Before 2012, I didn’t think very much about where our quilting fabric comes from, or about the history of cotton as a textile. That changed when Jim and I visited the Lowell (MA) National Historical Park. The park museum includes of one of the original textile mill buildings, built in the early 1800s by Francis Cabot Lowell and a group of investors. The industry created in the area signified the birth of the Industrial Revolution in America. Ginning, spinning, weaving, and printing, the textile mills did everything to process cotton after harvest. The museum at Lowell does a wonderful job of telling the story, including the dark side of cotton’s involvement in the growth of slavery.

Since visiting, I’ve tried to be more appreciative of textile history in the United States, and its connection to the riches of goods we enjoy today. I’ll have more to say about the history of the industry another time. This post will focus on contemporary processing.

The last post looked primarily at planting and harvesting cotton. After creating all that fluffy white goodness, what comes next?

From the field, the cotton goes to the gin. The “gin” is the engine or the machinery that separates the harvested cotton into usable parts. The cotton fiber is used for textiles and other cotton goods, while seeds are used for cotton seed (to plant,) for animal feed, and to press cottonseed oil, used in many human foods.

From the National Cotton Council of America,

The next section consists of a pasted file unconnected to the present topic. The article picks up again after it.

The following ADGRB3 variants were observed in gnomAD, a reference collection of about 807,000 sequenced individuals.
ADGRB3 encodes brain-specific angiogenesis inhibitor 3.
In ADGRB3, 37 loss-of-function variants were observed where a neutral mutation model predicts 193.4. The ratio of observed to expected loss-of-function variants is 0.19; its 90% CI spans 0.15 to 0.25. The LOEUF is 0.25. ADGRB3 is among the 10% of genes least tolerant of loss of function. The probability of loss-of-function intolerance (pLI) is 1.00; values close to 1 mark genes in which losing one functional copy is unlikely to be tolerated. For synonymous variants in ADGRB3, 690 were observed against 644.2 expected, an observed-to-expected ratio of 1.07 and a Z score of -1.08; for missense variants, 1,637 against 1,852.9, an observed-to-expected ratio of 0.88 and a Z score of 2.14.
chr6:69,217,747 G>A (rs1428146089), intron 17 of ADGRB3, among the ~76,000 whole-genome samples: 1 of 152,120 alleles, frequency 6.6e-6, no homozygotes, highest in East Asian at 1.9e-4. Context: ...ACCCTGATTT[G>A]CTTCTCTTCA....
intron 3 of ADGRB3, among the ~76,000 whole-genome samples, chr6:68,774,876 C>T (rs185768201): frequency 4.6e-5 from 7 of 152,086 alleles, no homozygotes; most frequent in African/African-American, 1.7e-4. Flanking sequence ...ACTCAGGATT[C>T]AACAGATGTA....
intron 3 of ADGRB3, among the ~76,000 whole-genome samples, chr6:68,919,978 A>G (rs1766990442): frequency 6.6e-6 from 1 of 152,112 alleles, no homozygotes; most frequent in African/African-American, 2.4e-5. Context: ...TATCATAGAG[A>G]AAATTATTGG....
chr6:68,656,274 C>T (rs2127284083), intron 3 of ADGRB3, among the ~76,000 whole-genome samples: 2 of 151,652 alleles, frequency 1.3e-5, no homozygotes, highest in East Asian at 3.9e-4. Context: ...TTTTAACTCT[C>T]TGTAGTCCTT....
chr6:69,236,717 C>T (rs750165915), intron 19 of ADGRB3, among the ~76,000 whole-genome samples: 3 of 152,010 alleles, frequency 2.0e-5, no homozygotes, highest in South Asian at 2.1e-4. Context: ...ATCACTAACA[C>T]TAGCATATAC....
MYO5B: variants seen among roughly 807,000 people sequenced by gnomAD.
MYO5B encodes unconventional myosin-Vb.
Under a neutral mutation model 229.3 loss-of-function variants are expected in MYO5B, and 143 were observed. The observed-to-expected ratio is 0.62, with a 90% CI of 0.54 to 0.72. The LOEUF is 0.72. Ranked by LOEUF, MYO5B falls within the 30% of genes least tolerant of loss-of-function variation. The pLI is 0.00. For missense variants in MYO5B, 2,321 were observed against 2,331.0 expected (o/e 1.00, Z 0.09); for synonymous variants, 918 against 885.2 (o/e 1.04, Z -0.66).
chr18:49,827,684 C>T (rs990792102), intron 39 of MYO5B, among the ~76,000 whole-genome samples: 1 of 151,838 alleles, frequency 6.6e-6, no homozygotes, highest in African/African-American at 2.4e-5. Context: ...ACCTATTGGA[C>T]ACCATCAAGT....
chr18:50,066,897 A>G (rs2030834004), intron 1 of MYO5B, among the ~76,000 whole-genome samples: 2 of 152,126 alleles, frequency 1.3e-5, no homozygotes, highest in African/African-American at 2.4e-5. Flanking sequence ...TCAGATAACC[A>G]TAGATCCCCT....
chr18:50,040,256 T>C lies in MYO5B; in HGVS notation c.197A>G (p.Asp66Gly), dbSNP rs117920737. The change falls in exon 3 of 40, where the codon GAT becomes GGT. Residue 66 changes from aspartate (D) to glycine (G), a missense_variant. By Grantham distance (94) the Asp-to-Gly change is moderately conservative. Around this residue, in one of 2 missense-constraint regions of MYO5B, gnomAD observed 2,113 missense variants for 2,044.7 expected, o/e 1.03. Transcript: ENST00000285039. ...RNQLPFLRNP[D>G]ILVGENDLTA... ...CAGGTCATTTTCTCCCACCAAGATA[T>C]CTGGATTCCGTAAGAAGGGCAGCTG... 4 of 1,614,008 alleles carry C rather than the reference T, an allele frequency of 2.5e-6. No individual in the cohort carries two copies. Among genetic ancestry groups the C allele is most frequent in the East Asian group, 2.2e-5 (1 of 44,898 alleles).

Today, nearly all cotton is stored in modules, which look like giant loaves of bread. Modules allow the cotton to be Cotton Module stored without loosing yield or quality prior to ginning. Specially designed trucks pick up modules of seed cotton from the field and move them to the gin. Modern gins place modules in front of machines called module feeders. Some module feeders have stationary heads, in which case, giant conveyors move the modules into the module feeder. Other module feeders are self-propelled and move down a track that along side the modules. The module feeders literally break the modules apart and “feed” the seed cotton into the gin. Other gins use powerful pipes to suck the cotton into the gin ginning cottonbuilding. Once in the cotton gin, the seed cotton moves through dryers and through cleaning machines that remove the gin waste such as burs, dirt, stems and leaf material from the cotton. Then it goes to the gin stand where circular saws with small, sharp teeth pluck the fiber from the seed.

From the gin, fiber and seed go different ways. The ginned fiber, now called lint, is pressed together and Cotton Balesmade into dense bales weighting about 500 pounds. To determine the value of cotton, samples are taken from each bale and classed according to fiber length (staple), strength, micronaire, color and cleanness. Producers usually sell their cotton to a local buyer or merchant who, in turn, sells it to a textile mill either in the United States or a foreign country.

The seed usually is sold by the producer to the gin. The ginner either sells for feed or to an oil mill where the linters (downy fuzz) are removed in an operation very much like ginning. Linters are baled and sold to the paper, batting and plastics industries, while the seed is processed into cottonseed oil, meal and hulls.

After separating the fibers from the seed, the fibers are spun into yarn. This video from the series How It’s Made shows the process of cleaning the fibers and spinning it into yarn.